Another strong year for dividends

It has been a pretty lucrative start to the year for shareholders, with UK companies having paid them £14.2bn in dividends*.

These first quarter pay-outs were boosted by the bumper profits made by the oil sector, according to the Link Group’s latest UK dividend monitor. And the good news is that headline dividends for the whole of 2022 are on track to hit £92.2bn, even though this is slightly down 0.8% year-on-year.

Here we look at the sectors and companies that have delivered so far this year – and the investment funds that may stand to benefit.

What are dividends?

Dividends are sums of money paid by companies out of their profits or reserves. The amounts are decided by the board of directors and approved by the shareholders.

As well as being a lucrative source of income for investors, dividends also benefit the companies themselves. Those that reward investors with regular pay-outs often enjoy greater demand for their shares on the stock market. This helps bolster their stock prices and valuations, so it’s a win-win situation.

Overview

Two dividend totals have been published for the first quarter of 2022. It’s important to look at both of them when assessing the health of the UK stock market.

The first is the headline figure of £14.2bn, which includes £934m of special dividends*. These are often one-off payments linked to specific events, such as the sale of a business.

Although the total is 24.9% below the same period in 2021, this doesn’t tell the whole story, as Tesco paid a very large one-off dividend last year, and mining giant BHP has now departed from the London Stock Exchange (LSE) and migrated to Australia, consolidating its dual listing into one.

The second figure is the underlying total – excluding special dividends – which came in at £13.3bn*. This was 4.2% higher than the first quarter of 2021*.

Special dividends

Special dividends totalled £934m in the first quarter – much lower than the £6.2bn paid in the same period last year*. This reflects the volatile one-off nature of these payments.

The largest special dividend this year, of approximately £250m*, has come from B&M European Value Retail, which is enjoying strong trading at its discount stores. Retailer Next distributed £213m, while Royal Mail handed back £200m in dividends (and a matching amount in share buybacks) as it shared the profits of booming online spending*.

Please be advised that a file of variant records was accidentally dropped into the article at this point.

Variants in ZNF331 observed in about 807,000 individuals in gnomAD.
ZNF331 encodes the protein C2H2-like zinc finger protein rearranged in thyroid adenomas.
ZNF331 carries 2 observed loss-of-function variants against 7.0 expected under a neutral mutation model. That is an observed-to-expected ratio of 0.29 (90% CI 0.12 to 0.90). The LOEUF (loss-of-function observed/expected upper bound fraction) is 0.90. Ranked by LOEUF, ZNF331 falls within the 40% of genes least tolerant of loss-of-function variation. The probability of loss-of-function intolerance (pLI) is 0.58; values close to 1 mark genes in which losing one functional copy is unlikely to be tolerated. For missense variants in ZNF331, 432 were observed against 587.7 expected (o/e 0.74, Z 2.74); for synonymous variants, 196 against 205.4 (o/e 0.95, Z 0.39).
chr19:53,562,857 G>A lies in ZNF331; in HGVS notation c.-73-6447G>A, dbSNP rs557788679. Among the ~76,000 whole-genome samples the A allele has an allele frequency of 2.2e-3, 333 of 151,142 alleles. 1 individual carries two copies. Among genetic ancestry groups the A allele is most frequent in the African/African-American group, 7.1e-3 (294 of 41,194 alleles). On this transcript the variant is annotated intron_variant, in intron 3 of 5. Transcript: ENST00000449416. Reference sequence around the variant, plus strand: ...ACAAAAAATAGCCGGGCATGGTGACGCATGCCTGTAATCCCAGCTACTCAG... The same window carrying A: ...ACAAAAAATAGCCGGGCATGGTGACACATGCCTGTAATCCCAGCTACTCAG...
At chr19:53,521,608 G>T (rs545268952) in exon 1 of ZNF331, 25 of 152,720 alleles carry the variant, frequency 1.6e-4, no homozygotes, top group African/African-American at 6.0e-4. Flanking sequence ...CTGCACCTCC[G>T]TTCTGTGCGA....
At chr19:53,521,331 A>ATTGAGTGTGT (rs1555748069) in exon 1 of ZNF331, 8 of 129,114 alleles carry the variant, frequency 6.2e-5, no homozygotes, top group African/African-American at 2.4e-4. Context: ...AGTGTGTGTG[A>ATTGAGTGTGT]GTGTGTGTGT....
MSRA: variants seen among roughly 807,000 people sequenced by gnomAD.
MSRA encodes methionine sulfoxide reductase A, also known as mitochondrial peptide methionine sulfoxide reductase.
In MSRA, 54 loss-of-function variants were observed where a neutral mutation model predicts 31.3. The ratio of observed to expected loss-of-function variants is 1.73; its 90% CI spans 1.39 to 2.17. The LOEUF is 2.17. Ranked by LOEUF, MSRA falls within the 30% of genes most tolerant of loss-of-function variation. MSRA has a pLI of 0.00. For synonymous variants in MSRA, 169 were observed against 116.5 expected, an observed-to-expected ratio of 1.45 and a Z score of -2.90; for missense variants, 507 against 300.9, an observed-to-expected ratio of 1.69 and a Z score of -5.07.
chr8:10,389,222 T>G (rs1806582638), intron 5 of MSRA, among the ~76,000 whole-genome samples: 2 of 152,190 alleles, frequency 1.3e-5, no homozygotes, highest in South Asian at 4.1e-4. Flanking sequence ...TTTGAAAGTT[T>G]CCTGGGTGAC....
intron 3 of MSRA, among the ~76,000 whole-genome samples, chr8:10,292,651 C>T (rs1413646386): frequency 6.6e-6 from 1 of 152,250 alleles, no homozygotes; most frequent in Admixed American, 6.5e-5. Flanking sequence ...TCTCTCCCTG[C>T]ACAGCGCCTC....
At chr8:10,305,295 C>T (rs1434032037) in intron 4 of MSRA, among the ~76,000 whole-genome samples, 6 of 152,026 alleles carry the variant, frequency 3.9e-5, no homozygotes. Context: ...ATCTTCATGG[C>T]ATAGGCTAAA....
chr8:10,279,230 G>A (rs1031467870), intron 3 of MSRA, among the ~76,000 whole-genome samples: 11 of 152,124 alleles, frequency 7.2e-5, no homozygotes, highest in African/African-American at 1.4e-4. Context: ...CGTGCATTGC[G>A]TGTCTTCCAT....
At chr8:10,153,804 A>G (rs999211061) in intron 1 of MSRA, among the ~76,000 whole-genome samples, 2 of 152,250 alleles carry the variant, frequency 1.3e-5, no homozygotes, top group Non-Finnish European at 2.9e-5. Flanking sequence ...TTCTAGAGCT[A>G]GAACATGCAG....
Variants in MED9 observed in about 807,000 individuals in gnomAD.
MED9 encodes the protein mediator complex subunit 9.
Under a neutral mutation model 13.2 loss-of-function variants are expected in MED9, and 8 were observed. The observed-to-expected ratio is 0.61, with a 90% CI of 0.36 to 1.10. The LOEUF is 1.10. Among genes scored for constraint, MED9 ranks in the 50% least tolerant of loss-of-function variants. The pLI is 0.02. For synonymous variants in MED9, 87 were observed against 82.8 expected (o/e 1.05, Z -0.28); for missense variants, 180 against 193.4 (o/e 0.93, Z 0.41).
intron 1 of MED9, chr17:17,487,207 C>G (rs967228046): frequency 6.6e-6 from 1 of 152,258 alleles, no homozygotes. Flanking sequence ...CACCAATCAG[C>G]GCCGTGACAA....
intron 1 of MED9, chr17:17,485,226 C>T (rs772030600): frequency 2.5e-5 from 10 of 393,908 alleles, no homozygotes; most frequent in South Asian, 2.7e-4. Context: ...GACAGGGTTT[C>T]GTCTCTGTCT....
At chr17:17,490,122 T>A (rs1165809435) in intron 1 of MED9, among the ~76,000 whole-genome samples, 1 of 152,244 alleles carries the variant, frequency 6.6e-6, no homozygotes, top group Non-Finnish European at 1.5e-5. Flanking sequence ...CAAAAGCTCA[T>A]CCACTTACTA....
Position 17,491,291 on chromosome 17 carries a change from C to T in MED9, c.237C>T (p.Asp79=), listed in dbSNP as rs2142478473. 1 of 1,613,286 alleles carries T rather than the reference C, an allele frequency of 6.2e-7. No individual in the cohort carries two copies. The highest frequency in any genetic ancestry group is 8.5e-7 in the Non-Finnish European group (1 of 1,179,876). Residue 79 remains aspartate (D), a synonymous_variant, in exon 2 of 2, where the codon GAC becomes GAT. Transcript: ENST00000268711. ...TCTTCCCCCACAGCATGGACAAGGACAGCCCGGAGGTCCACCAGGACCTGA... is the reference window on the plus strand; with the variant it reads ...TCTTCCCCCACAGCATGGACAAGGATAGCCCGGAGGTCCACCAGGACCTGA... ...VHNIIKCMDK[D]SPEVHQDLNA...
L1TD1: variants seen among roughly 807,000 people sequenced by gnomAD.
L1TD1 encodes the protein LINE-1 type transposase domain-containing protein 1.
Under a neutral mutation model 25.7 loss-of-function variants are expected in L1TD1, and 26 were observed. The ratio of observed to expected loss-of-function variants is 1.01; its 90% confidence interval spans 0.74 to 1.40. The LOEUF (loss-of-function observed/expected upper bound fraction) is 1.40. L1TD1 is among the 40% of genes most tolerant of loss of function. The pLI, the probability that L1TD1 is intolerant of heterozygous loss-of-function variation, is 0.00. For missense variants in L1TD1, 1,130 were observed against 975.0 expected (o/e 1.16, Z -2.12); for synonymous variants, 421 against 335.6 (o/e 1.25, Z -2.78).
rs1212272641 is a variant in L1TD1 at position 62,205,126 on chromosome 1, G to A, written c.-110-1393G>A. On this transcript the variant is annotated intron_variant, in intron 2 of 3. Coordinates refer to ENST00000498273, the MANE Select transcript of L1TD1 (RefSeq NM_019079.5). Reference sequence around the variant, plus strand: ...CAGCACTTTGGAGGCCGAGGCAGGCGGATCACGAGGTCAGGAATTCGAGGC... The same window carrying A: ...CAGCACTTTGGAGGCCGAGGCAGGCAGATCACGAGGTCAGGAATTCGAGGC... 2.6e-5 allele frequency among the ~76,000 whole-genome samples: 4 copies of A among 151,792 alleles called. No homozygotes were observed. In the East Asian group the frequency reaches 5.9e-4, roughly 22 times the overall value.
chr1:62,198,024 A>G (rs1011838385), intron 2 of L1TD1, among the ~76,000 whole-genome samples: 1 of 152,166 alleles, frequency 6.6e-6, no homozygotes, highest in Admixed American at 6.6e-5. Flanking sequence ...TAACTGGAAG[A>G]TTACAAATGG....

Industries and sectors

Investors in the oil sector have been the biggest winners in the first quarter, according to the Link Group’s report. It pointed out that the “astonishing rebound in oil prices” had delivered a dramatic turnaround in fortunes over recent months.

“After oil dividends were cut sharply during the pandemic when crude prices crashed, there is a lot of headroom for growth now that the oil majors are enjoying a big increase in their cash flow,” it stated.

Meanwhile, the healthcare sector’s first quarter increase mainly reflected AstraZeneca’s much larger size following its acquisition of rare diseases specialist Alexion in the US.

Regular dividends from general retailers remain a fraction of their pre-Covid-19 strength, but the situation is expected to improve on the back of growing confidence.

Elsewhere, mining companies made no significant contribution in the first quarter, but they should make up for this later in the year.

UK yield

Looking ahead for the next twelve months, the Link Group expects UK companies to yield 3.7%, meaning that £100 invested today is set to generate £3.70 in income for investors*.

Its expectations for top 100 dividends have improved over recent months, while share prices ended the quarter at almost the same level as the start. “Meanwhile, mid-cap stock prices have fallen sharply, reflecting investor concerns over the economy and inflation,” it stated. “This has pushed the yield on mid-cap stocks higher, rising to 2.4%.”

Outlook

So, what is the outlook for the rest of 2022? Well, recent months have seen commodity and oil prices soaring, bolstering the prospects for two of the UK’s biggest dividend paying sectors. Banking pay-outs have also continued their “post-Covid-19 recovery” at a slightly faster pace than expected, according to the Link Group.